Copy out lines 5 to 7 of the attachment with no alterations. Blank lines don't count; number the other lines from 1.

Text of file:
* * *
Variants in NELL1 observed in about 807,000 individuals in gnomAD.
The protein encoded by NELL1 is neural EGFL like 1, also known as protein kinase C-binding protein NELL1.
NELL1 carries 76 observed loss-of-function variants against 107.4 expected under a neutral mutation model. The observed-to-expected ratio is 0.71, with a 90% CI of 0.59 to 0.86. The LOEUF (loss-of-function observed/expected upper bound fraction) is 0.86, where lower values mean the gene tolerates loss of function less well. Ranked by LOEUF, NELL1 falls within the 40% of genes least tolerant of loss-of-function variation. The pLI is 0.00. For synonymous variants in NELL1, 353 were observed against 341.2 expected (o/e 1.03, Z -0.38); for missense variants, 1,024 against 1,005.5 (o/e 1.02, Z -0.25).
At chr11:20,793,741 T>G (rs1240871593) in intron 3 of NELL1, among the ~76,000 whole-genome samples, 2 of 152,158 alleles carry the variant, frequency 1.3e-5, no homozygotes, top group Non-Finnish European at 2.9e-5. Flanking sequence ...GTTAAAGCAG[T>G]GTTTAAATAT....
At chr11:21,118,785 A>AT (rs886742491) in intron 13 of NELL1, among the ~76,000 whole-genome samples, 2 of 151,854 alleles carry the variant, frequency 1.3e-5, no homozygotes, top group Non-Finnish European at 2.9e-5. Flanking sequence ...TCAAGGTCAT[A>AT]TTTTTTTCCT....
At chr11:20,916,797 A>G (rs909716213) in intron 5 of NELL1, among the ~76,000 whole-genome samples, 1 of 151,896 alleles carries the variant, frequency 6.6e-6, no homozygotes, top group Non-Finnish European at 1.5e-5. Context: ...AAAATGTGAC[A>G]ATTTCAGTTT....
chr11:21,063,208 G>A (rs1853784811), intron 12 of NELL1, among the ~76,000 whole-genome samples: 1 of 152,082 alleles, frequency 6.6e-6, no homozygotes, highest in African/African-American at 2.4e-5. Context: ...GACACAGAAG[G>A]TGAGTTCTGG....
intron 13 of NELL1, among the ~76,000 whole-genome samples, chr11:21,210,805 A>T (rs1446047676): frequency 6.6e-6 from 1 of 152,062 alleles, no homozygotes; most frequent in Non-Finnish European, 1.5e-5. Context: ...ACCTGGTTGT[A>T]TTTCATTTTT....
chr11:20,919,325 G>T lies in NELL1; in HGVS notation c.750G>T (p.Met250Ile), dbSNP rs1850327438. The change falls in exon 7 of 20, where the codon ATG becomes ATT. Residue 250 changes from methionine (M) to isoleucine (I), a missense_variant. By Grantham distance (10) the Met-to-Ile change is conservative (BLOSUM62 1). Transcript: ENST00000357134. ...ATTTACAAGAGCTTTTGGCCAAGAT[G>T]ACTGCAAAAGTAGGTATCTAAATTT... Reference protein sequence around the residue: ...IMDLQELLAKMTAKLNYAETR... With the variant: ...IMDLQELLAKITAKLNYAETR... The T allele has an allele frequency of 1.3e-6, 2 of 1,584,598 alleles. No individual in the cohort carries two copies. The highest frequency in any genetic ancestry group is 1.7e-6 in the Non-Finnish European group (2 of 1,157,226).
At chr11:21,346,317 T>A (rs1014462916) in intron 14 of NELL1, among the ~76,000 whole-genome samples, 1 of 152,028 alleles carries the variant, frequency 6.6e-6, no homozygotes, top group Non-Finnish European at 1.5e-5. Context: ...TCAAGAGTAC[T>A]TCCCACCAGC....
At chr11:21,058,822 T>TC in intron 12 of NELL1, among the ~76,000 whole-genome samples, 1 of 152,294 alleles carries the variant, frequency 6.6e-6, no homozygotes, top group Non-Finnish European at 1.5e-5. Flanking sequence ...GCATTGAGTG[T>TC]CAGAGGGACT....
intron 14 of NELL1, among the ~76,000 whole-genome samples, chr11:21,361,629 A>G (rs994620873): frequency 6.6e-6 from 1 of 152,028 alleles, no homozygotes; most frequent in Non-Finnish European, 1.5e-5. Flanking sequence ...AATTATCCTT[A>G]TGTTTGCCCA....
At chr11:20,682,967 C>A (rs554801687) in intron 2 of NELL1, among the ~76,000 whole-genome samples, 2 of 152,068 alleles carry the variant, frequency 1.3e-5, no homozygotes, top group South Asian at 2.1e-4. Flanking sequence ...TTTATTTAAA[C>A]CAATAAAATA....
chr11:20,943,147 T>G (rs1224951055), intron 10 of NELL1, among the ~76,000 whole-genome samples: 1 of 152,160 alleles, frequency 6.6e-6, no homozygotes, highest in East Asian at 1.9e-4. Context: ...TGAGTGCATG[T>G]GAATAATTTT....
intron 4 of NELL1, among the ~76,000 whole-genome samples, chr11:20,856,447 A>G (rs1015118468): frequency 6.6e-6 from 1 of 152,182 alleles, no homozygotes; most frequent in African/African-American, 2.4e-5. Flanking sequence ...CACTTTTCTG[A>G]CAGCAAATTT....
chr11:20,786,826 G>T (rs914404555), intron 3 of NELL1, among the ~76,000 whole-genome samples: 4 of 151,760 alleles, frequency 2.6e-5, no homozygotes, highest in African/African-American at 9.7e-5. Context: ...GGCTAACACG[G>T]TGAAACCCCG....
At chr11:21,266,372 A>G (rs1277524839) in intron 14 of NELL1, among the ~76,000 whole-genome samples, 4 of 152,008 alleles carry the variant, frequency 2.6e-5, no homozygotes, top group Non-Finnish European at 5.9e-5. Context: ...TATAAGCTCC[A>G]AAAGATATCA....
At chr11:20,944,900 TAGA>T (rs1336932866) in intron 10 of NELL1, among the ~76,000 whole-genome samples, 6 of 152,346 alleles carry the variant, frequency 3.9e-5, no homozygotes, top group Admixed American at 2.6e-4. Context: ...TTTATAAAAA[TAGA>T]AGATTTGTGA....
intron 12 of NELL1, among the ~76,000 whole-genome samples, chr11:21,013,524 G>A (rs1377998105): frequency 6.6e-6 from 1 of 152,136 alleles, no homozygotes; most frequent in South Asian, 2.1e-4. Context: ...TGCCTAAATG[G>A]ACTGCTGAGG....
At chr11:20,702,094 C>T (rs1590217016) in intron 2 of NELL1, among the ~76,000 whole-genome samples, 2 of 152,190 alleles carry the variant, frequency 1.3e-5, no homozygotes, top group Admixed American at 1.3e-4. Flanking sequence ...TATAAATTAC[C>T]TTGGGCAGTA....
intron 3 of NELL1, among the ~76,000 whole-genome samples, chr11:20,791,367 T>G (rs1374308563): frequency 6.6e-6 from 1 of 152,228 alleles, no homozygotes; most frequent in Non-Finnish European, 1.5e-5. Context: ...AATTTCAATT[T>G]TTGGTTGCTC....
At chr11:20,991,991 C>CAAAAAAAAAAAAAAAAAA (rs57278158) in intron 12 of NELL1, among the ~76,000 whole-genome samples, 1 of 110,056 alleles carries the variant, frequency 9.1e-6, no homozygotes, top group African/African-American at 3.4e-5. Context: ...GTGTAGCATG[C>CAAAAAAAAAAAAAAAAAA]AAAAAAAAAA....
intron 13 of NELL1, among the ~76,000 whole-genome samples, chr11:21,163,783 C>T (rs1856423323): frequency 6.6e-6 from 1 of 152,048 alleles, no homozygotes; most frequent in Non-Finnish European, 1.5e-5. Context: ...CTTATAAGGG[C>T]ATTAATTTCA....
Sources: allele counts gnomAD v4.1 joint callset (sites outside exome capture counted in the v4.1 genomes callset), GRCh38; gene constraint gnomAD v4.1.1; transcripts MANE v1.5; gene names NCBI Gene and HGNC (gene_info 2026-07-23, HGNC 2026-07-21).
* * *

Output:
At chr11:21,118,785 A>AT (rs886742491) in intron 13 of NELL1, among the ~76,000 whole-genome samples, 2 of 151,854 alleles carry the variant, frequency 1.3e-5, no homozygotes, top group Non-Finnish European at 2.9e-5. Flanking sequence ...TCAAGGTCAT[A>AT]TTTTTTTCCT....
At chr11:20,916,797 A>G (rs909716213) in intron 5 of NELL1, among the ~76,000 whole-genome samples, 1 of 151,896 alleles carries the variant, frequency 6.6e-6, no homozygotes, top group Non-Finnish European at 1.5e-5. Context: ...AAAATGTGAC[A>G]ATTTCAGTTT....
chr11:21,063,208 G>A (rs1853784811), intron 12 of NELL1, among the ~76,000 whole-genome samples: 1 of 152,082 alleles, frequency 6.6e-6, no homozygotes, highest in African/African-American at 2.4e-5. Context: ...GACACAGAAG[G>A]TGAGTTCTGG....